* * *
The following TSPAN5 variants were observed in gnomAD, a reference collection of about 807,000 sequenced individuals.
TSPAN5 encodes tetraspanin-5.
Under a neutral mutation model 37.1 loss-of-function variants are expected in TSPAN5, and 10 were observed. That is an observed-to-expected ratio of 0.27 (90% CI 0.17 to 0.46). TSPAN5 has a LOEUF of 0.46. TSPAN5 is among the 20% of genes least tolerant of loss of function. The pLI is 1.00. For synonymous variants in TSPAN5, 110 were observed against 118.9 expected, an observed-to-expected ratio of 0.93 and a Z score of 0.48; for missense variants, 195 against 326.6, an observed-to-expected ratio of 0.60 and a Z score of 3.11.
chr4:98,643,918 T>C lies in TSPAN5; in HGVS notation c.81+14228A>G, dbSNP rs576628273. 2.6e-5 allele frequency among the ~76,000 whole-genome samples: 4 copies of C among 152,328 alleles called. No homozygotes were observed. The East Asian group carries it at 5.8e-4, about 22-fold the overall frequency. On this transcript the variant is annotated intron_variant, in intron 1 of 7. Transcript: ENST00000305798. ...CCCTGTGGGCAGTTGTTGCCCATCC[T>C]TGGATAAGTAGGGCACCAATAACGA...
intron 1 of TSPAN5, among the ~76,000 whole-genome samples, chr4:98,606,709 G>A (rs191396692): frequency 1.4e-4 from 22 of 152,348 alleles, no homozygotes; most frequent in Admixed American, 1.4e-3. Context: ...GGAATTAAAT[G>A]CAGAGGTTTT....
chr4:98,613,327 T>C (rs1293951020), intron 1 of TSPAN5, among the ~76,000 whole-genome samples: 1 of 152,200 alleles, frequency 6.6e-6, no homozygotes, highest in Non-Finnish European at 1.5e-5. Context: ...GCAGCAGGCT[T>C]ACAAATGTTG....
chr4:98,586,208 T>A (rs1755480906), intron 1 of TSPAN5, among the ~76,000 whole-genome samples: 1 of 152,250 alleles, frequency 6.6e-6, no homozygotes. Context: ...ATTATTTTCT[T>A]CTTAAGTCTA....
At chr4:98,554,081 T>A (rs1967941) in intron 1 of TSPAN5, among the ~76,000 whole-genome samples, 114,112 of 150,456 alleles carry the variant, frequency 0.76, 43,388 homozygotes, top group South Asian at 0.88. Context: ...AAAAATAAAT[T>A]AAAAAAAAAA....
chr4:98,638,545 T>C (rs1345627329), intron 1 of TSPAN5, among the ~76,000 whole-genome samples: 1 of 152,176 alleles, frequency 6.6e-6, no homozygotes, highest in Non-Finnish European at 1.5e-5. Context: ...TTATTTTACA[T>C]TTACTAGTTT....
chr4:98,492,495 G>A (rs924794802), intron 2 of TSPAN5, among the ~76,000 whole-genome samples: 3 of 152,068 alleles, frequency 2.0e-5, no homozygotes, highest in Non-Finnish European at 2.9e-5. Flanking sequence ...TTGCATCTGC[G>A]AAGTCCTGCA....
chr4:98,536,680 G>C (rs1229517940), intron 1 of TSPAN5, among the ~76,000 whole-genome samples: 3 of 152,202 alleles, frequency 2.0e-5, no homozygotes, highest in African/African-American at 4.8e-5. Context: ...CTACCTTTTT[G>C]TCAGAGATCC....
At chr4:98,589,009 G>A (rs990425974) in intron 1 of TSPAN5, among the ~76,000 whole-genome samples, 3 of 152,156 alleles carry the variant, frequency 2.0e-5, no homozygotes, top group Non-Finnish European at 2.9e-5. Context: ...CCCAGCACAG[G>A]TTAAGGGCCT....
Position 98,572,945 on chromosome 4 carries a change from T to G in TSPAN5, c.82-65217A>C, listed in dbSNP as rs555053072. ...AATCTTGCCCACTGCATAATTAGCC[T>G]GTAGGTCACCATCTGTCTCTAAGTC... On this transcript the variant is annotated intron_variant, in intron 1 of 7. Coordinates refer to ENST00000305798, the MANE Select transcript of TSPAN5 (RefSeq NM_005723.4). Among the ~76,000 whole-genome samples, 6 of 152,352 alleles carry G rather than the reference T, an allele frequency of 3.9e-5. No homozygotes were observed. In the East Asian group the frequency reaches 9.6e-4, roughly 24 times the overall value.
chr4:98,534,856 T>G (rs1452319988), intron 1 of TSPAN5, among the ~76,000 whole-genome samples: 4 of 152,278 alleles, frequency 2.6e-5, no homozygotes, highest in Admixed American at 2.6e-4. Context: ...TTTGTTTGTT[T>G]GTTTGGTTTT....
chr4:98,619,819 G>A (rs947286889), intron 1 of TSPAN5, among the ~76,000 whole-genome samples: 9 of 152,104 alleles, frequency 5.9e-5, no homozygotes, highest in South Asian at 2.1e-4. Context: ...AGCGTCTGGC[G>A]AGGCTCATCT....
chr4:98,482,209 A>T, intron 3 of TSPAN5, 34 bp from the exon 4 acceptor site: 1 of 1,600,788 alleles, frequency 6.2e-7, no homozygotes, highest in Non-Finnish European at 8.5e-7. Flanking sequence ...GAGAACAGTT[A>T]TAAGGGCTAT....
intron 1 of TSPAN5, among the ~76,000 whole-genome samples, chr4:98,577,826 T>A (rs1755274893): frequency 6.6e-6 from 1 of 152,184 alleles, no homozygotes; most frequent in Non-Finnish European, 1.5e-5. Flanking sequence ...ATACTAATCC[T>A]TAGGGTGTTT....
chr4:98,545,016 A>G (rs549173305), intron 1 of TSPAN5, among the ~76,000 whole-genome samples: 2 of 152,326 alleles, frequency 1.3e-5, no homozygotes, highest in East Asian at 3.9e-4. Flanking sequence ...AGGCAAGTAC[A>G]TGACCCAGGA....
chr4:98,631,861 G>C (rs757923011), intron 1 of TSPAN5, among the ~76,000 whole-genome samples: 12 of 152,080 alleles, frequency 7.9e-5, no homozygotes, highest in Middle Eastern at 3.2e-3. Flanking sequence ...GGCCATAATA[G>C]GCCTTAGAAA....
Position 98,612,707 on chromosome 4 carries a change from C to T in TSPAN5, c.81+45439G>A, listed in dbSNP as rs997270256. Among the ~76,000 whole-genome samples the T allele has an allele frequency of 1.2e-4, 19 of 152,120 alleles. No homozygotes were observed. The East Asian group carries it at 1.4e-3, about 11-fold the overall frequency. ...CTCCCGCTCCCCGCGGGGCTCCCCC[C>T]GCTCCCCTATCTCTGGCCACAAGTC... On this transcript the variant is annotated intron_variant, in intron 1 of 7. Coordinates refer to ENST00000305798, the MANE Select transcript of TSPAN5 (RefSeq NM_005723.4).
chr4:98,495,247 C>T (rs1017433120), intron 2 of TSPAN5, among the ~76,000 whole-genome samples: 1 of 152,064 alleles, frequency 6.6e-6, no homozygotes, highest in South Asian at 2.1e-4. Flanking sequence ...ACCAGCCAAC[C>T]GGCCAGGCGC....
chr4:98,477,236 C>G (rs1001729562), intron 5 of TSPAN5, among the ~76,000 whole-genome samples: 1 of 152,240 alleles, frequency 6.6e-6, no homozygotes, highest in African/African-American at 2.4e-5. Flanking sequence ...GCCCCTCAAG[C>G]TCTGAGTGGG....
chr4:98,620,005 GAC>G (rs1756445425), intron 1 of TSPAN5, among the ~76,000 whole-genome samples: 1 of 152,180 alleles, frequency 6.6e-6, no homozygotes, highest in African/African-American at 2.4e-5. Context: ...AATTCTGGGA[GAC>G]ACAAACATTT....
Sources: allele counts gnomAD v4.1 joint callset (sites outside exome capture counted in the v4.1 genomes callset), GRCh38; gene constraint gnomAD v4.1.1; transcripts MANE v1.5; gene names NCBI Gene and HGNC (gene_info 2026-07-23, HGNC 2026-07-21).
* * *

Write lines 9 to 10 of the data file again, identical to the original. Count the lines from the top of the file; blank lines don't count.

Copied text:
chr4:98,638,545 T>C (rs1345627329), intron 1 of TSPAN5, among the ~76,000 whole-genome samples: 1 of 152,176 alleles, frequency 6.6e-6, no homozygotes, highest in Non-Finnish European at 1.5e-5. Context: ...TTATTTTACA[T>C]TTACTAGTTT....
chr4:98,492,495 G>A (rs924794802), intron 2 of TSPAN5, among the ~76,000 whole-genome samples: 3 of 152,068 alleles, frequency 2.0e-5, no homozygotes, highest in Non-Finnish European at 2.9e-5. Flanking sequence ...TTGCATCTGC[G>A]AAGTCCTGCA....